Indigenous Land Acknowledgement refers to the practice of recognizing an Indigenous community’s ancestral ties to the land on which a meeting or event is taking place. Acknowledging the communities that have an inseparable connection to the land on which these institutions reside challenges the mainstream narrative and calls attention to the strength of Indigenous communities which have survived the devastating effects of displacement and colonization. Further, this history informs the present experience of Indigenous peoples around the globe, so it is essential to the contextualization of current events.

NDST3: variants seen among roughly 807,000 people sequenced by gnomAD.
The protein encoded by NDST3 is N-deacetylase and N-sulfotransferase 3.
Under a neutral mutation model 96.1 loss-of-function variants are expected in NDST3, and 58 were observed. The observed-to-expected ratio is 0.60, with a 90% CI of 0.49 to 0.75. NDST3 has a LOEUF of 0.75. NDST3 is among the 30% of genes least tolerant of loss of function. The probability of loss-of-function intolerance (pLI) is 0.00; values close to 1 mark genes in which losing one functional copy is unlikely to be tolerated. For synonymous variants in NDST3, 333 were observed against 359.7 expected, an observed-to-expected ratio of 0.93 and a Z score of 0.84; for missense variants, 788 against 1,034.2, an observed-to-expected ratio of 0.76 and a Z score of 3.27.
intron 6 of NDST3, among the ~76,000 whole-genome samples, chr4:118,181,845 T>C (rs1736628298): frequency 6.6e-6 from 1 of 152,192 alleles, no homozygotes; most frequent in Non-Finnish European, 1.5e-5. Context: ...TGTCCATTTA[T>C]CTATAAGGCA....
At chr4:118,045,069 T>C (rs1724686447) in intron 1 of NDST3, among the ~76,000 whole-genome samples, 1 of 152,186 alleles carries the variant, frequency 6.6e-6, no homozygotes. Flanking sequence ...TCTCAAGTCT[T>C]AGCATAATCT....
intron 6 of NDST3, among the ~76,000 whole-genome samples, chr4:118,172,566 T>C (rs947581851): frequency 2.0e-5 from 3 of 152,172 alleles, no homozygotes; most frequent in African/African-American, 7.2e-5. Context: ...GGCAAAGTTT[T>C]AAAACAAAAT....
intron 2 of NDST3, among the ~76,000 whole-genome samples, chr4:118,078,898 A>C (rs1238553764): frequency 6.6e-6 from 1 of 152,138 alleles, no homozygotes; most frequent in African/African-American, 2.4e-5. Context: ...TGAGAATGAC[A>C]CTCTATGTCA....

While the practice of Indigenous land acknowledgement is relatively new to research and educational organizations and institutions in the United States and Europe, it has long been an established protocol among Indigenous groups around the world. It has become standard in Canada, Australia, and New Zealand. Acknowledgement guides typically echo many of the same approaches, and point to a similar general format for an acknowledgement, as follows: “Before we begin [description of event], I would like to acknowledge that we are gathered today on the ancestral territory of the [community name] peoples which has never been formally ceded. I pay my respect to their Elders both past and present, as well as living descendants and future generations.” It is important to be genuine in the acknowledgement, so this basic format should be altered to include information that is appropriate to the specific setting. Additionally, it is important to consult resources available from or reach out to the specific Indigenous group or groups being acknowledged to ensure that the statement is respectful and accurately represents them in the way that they wish to be represented, and to ascertain other relevant processes that could be integrated into the conference (such as using location names in the local Indigenous language). This process is particularly important because Indigenous peoples have been denied a say in their own representation for far too long. This inclusive approach is therefore a step toward decolonizing current institutions, organizations, and locations.